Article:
Recommended Reading: Different species, shared stories: developing mastery and wellbeing in young people through their connections with animals and their shared lived experiences

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By March 29, 2017 No Comments

Authors: Daniel Angus, Charlotte Wilson, Patrick McKinnon NSW

Year: 2016

Event: 2016 TheMHS Conference

Subject: headspace Penrith, Different Species, Shared Stories, book of proceedings 2016, conference papers, proceedings papers

Type of resource: Conference Presentations and Papers

ISBN: 978-0-9945702-1-5

Abstract: Paper from TheMHS Conference 2016 Book of Proceedings: People. Authenticity Starts in the Heart. The Conference was held in Auckland, New Zealand 23 - 26 August 2016.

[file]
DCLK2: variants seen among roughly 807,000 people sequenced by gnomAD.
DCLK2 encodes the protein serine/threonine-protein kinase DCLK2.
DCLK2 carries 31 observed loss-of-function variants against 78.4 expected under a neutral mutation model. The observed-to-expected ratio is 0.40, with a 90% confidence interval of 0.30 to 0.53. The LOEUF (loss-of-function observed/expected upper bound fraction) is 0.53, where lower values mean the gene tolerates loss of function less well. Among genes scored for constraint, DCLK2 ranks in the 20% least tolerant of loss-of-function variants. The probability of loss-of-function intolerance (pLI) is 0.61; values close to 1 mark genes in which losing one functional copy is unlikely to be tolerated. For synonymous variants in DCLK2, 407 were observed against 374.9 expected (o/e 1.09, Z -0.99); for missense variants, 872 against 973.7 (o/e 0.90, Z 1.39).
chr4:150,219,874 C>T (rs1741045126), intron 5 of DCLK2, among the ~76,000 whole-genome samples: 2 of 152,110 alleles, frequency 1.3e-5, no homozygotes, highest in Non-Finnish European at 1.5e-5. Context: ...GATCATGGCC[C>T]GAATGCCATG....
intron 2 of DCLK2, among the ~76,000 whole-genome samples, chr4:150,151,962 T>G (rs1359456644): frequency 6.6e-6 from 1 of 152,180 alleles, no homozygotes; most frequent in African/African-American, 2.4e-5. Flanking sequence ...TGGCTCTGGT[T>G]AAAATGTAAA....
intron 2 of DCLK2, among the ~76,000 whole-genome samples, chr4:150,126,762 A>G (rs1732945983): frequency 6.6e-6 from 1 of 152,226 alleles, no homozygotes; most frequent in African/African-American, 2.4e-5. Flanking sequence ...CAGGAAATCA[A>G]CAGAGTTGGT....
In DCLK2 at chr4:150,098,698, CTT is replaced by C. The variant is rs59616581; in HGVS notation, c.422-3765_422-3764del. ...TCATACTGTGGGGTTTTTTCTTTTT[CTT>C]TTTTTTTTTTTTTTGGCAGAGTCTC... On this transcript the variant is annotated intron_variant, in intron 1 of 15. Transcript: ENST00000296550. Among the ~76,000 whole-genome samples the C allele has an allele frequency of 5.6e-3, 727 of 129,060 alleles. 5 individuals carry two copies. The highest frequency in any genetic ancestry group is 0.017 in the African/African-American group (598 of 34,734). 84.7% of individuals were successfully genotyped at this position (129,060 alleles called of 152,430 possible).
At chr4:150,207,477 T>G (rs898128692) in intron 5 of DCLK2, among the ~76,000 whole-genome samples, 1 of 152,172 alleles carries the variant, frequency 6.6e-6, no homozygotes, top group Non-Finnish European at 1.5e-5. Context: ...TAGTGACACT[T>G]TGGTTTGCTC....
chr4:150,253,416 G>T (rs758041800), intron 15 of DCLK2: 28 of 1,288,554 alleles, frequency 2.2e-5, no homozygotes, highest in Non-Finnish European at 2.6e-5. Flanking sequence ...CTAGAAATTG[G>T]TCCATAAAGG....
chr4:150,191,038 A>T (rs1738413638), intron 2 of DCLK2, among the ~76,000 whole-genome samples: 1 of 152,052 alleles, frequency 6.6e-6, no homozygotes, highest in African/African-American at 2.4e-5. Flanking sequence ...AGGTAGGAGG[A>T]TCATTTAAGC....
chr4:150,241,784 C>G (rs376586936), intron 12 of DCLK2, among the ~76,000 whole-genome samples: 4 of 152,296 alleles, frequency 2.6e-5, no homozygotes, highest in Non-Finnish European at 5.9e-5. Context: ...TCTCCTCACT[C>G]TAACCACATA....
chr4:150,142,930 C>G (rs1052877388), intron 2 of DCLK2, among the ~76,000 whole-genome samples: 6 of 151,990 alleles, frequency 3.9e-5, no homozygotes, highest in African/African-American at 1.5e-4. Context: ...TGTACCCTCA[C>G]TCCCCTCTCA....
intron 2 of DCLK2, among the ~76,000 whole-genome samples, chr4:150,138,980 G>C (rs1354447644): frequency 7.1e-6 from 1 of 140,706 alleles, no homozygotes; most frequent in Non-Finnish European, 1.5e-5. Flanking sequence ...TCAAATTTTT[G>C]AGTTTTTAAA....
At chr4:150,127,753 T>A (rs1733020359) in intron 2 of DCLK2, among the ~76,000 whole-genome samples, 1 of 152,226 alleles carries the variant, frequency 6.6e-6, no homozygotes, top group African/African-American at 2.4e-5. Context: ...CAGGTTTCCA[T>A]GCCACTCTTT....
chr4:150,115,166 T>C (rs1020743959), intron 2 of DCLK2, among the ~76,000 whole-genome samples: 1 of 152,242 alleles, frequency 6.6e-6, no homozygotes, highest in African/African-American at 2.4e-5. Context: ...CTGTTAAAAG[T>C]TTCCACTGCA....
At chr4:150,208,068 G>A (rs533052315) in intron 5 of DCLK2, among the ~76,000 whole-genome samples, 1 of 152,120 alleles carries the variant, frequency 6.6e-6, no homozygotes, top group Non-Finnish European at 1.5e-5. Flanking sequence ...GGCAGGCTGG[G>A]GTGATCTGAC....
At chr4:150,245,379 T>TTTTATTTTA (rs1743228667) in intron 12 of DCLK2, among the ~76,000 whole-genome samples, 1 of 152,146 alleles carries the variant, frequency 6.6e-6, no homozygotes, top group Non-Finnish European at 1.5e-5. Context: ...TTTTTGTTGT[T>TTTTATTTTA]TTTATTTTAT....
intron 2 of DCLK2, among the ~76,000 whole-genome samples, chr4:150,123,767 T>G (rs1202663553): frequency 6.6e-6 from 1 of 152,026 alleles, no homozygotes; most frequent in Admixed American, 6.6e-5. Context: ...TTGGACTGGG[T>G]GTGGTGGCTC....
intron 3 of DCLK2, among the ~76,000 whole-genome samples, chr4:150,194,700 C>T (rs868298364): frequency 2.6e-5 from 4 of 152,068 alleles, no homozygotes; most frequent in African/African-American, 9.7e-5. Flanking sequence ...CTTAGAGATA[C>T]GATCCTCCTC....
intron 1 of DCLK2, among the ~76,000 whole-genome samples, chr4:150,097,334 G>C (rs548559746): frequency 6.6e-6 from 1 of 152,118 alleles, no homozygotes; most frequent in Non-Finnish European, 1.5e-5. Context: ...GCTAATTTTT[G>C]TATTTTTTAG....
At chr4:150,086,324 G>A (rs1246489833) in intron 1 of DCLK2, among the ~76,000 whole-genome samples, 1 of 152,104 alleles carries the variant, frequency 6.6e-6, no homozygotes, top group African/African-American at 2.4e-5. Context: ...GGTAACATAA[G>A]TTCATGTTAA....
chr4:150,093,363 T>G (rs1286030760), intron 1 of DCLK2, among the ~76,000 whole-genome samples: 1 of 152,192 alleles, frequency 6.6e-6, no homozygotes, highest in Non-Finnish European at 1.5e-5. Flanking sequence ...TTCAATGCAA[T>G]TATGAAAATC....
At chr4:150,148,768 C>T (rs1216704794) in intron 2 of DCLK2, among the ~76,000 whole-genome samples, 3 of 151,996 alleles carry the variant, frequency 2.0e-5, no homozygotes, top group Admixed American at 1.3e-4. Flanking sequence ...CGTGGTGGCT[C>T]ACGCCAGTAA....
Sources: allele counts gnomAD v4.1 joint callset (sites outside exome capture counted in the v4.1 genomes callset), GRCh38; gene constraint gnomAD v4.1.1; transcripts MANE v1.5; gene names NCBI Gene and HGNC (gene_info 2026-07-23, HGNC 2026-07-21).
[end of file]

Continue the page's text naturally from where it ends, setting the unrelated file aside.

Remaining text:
There is evidence that human interaction with animals can have a positive impact on mental health, with research demonstrating the anxiety-reducing effects of animal petting as well as the presence of dogs in alleviating distress in children. Such evidence underlies the utilisation of animals in a therapeutic setting. As therapists often find it difficult to engage with adolescents, there is a need for alternative, authentic, and 'non-mainstream' therapeutic methods to better engage young people in therapy. headspace Penrith have developed an innovative program which aims to develop a narrative informed therapy utilising a variety of animals, such as dogs and parrots. Young people registered in this program were taught how to support animals with mental illness in order to learn about themselves by reflecting on their experience as an animal helper. Program outcomes included the development of friendships among participants and reduced mental health symptoms.

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